16 PHOSPHORUS CYCLE

17 RADIOPHOSPHORUS MOVEMENT

18 Very rapid movement from H 2 O to plankton (within 2 hours 50% of phosphorus had been taken up) Movement was slower into attached algae Tracer eventually moved into grazing animals and then into carnivores but more slowly than into algae Although the RATE OF UPTAKE may decrease along a food chain, the concentration ratio at equilibrium may be very high Eventually decay organisms began to recycle some of the phosphorus but there was a net movement into the sediments

19 TROPHIC LEVEL CONCENTRATION DEFINITION: The selective retaining of certain elements or compounds by an organism so that the concentration builds up in these organism above what it is in their immediate habitat and/or food Also known as trophic level magnification, biological concentration or biological magnification T.L. Concentration can occur for non-essential materials and toxic materials as well as for essential materials.

20 TROPHIC LEVEL CONCENTRATION

21 SULFUR CYCLE I

22 SULFUR CYCLE II 1 -- primary production (sulfates are the principal available form reduced by autotrophs & incorporated into organic molecules) 2 -- decomposition (sulfur often released as H 2 S) 3 -- animal excretion 4 & 5 -- specialized chemosynthetic bacteria obtain energy by converting sulfides to elemental sulfur & sulfates

23 SULFUR CYCLE III 6 -- Desulfovibrio bacteria (anaerobic SO 4 reducers) convert SO 4 to H 2 S 7 -- Thiobacillus bacteria (aerobic sulfate oxidizers) convert H 2 S to SO 4 8 – INTERACTION of P & S cycles: Phosphorus is converted from the insoluble ferric phosphate to a more soluble form aiding the cycling of Phosphorus H 2 S + FePO 4  H 2 PO 4 + FeS 2

24 NITROGEN CYCLE (I)

25 NITROGEN CYCLE (II) N 2 gas   NH 3   NO 2   NO 3 I IIa IIb I ---- Nitrogen Fixation (Azotobacter, Clostridium) II --- Nitrification --- a two-step process IIa --- Nitrosomonas IIb -- Nitrobacter Denitrification --- a multistep process in which specialized bacteria (such as Pseudomonas) take NO 3 compounds and release N 2 gas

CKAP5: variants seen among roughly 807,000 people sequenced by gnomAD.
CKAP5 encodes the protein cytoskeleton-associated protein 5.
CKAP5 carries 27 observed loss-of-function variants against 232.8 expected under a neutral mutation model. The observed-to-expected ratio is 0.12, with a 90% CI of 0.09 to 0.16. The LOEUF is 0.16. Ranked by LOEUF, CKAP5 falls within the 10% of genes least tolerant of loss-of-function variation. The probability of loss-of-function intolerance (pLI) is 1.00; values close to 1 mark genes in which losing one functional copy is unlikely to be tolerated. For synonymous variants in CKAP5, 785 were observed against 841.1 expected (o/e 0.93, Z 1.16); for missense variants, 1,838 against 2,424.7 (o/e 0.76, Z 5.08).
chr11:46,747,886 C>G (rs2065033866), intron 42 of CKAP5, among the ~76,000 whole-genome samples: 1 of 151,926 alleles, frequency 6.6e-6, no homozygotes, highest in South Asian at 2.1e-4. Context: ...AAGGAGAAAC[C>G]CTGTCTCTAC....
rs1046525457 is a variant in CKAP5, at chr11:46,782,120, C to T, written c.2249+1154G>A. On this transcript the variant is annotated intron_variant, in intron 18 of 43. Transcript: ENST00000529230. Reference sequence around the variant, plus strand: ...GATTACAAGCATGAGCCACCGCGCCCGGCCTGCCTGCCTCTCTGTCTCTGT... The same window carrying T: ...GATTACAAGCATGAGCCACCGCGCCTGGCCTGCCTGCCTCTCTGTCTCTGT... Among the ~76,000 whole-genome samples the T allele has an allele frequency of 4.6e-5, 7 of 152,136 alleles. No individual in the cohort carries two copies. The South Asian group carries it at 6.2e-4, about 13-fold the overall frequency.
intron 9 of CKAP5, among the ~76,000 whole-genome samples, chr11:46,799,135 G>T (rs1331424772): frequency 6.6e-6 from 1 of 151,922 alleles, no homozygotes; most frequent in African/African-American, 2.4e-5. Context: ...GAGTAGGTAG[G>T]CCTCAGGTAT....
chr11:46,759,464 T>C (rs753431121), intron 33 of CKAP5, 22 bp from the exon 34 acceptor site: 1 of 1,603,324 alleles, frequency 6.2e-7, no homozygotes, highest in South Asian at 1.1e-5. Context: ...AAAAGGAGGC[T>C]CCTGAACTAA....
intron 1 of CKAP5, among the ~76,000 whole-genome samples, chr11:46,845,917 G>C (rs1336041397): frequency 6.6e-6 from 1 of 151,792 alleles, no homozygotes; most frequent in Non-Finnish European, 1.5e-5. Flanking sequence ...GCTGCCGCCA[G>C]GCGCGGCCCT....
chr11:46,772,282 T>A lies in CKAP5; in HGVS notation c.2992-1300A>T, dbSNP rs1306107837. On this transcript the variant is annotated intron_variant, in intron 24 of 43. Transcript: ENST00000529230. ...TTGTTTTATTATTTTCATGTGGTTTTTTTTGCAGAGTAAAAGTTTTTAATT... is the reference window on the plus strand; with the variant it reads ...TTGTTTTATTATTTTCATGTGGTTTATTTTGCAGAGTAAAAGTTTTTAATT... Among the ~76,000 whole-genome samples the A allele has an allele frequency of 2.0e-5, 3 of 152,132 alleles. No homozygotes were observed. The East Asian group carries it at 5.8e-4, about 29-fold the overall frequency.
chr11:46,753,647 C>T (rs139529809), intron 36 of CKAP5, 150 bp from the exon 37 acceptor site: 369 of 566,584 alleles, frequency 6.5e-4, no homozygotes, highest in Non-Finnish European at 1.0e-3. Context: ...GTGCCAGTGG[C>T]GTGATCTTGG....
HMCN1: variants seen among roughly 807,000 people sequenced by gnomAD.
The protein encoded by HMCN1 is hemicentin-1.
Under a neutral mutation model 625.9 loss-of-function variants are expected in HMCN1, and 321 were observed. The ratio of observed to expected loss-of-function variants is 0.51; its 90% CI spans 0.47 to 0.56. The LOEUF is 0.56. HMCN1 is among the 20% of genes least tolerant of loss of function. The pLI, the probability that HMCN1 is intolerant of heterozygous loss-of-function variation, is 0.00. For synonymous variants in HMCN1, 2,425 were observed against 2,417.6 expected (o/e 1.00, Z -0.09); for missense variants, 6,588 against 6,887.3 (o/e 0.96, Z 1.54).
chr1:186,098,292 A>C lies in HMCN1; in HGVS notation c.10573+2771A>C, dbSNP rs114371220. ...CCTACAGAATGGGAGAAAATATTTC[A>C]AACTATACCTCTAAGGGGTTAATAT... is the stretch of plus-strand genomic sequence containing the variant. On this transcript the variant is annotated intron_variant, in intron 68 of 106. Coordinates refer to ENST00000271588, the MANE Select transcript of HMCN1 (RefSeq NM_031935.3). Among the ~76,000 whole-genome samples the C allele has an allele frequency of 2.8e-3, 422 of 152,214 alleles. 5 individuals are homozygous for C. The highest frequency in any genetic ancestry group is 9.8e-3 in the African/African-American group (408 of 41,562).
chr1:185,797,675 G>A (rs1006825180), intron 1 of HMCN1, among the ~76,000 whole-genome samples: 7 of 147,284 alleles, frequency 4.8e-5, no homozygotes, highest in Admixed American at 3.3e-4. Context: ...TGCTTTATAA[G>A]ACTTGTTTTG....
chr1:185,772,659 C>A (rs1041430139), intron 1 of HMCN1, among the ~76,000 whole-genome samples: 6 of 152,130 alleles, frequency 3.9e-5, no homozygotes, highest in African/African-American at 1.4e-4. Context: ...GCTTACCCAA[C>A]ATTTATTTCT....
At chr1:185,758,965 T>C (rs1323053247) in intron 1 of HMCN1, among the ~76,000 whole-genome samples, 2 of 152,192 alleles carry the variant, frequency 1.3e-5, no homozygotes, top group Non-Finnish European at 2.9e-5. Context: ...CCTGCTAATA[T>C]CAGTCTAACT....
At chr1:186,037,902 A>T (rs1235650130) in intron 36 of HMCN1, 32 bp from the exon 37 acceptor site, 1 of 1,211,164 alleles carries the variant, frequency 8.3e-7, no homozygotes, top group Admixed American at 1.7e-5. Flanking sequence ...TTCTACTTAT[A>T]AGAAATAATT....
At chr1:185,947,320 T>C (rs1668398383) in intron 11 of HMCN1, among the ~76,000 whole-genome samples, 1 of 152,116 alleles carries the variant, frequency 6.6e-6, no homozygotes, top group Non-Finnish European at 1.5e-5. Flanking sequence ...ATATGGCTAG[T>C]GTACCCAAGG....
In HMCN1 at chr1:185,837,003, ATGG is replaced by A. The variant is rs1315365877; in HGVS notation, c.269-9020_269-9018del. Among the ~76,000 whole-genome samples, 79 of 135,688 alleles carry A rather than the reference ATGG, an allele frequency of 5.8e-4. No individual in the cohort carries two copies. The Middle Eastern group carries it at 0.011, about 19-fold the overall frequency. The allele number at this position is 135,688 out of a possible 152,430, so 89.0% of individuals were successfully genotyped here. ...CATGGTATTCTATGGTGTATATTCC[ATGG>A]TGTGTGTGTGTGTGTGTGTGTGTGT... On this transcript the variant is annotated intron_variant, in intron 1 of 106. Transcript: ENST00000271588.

26 NITROGEN CYCLE (III)

27 NITROGEN CYCLE (IV)

28 NITROGEN CYCLE (V)

29 CARBON CYCLE (I)

30 CARBON CYCLE (II)

31 GREENHOUSE EFFECT AND GLOBAL WARMING Is the Earth warming? Yes. Is this due to human activities or to some cycle that can affect climate? ?????????? What are the major greenhouse gases? CO 2, N 2 O, CH 4, CFC’s, (H 2 O ?) Could the Earth also cool from human activities and enter an ice age? Yes - and there have been ‘recent’ short duration cooling events! Global warming could be a positive feedback system!!!!!

32 GREENHOUSE EFFECT

33 AUTUMN EFFECT (NUCLEAR WINTER)

34 SOME POINTS CONCERNING THE EARTH’S TEMPERATURE current average surface temp. is 15 0 C (= 59 O F) without an atmosphere it would be C (= 0 O F) estimated average temp. during coldest part of last ice age was only 5 O C (9 O F) lower than today last major ice age ended 12,000 years ago Today sea levels are 300 feet higher than at the peak of the last ice age (and are still rising!) greenhouse gases have increased dramatically since 1850 (actually since 1950!) CO 2 has gone from 280 ppm to 360 ppm since 1850 (a 28.6% increase) ???? Highest Ever ????

35 THE MAJOR GREENHOUSE GASES Gas% human residence impact compared input time to CO 2 per molecule CO years 1 CFC’s years 10,000 to 20,000 CH years 25 N 2 O years 230

36 PROJECTED GROWTH OF GREENHOUSE GASES

37 CHANGING PATTERN OF GLOBAL CO 2 EMISSIONS

38

39 INCREASE IN GLOBAL TEMPERATURE

40 RISE IN ATMOSPHERIC CO 2

41 INCREASE IN GLOBAL TEMPERATURE (overlay)

42 So……….?

43 HUMAN ACTIVITIES THAT CAUSE GLOBAL WARMING